At Equality Day, I met a man who shared with me his journey to self-love through authenticity. He recently started to transition and meet other trans people. Growing up in a small, rural community, he thought he was all alone, and he did not know there was anyone else like him. It was only recently when he met another trans person did he start to value himself, start making the transition, and start his journey to loving his whole self. Now he is using his story to inspire others. To be a visible member of the trans community anywhere…this man is a champion.
Last week, I met a couple who are members of the black queer (Yes, queer, because I am not sure how they identify, and I want to be inclusive. Language that is emotionally charged for some is empowering for others.) community. Listening to their stories about trying to find community. Trying to build community in a place where they feel under represented and invisible is a place I can not imagine. Who I am and the circles I interact with are a direct result of my identity. My identity as a queer white woman is not called into question often. I have privilege in many spaces. Pioneering a place for black queerness is nothing short of major champion status.
Everyday we are told by society that there is something wrong with us. Who we love and how we love are problematic and that people have a moral objection…to us…to love. LOVE? I wish the insanity stopped there. Unfortunately, our ability to pee in peace is now being called into question. If you are doing the best you can and loving yourself the best way you know how in the face of all this discrimination, then congratulate yourself because you, my friend, are a champion.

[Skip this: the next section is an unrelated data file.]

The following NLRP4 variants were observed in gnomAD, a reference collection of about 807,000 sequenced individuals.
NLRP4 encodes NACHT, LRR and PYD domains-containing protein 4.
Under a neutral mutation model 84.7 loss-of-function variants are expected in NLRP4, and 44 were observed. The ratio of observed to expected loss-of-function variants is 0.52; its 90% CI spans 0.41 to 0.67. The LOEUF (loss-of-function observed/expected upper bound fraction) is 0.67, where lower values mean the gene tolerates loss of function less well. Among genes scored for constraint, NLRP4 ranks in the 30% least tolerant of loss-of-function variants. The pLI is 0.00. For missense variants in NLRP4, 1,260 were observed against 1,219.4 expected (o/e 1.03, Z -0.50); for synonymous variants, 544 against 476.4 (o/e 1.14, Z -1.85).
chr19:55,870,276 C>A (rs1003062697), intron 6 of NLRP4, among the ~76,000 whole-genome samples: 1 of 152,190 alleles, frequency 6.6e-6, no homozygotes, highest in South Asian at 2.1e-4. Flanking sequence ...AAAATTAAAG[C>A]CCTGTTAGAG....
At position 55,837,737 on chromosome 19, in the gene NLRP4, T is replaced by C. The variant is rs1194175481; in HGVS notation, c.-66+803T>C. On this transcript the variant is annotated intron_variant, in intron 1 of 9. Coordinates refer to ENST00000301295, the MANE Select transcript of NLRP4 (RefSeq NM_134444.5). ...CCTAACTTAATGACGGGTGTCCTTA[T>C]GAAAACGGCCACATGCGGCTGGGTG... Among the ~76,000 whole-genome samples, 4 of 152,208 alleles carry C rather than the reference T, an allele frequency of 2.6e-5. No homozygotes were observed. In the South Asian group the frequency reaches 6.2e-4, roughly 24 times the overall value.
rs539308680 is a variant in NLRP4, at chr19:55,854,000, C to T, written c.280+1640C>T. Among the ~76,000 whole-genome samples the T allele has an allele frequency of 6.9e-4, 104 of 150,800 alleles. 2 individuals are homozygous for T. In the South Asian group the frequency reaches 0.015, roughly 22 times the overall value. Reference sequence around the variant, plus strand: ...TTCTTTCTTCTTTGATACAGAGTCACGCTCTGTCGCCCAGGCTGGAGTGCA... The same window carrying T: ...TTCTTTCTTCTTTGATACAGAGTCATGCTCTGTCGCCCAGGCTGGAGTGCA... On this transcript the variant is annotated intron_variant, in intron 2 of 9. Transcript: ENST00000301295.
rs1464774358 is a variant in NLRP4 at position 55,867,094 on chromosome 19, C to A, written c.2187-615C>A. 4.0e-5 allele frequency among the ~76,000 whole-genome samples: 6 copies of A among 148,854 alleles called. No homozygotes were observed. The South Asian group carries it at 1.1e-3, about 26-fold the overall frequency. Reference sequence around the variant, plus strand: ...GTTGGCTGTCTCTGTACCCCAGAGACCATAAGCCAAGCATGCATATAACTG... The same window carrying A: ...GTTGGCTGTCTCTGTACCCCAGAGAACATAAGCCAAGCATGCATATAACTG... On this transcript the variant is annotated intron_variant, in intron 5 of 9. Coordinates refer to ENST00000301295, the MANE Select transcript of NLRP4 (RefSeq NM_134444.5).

Last week, I went to my friend Summer Osbourne’s show. I have known Summer for years. And, while I have listened to her music before there was something different about last Friday. I was listening through ears that have heard your stories, listened to your struggles, and listened to your joys and celebrations of self-discovery and self-love. When I talk with you, I feel inspired and called to do something. I was super inspired by Summer’s song, This is Your Call. She sings,
Sometimes you feel a burning in your chest. You know you are different from the rest, and you feel like you could cry. When you are looking at the world through a heart that’s on your sleeve rather than your saline eyes. And, sometimes it scares you to death. And, sometimes it stops you in your tracks. And, sometimes it makes you feel like you are pushing for nothing. And then, everything gets quiet and the world moves in slow motion and the little voice inside you whispers…do something. This is your call….
If you are struggling with self-love and love of community because of all the anti-LGBT hate, then I have a call for you, champion. This is the Call of the Champions, and it is to persevere. Whether that looks like joining PROMO to volunteer for URBANIARE or Pride or just getting out of bed tomorrow. We need you to keep going. You need you to keep going, because we are all in this together.
No matter how big, no matter how small, we are all champions, now, what is your call?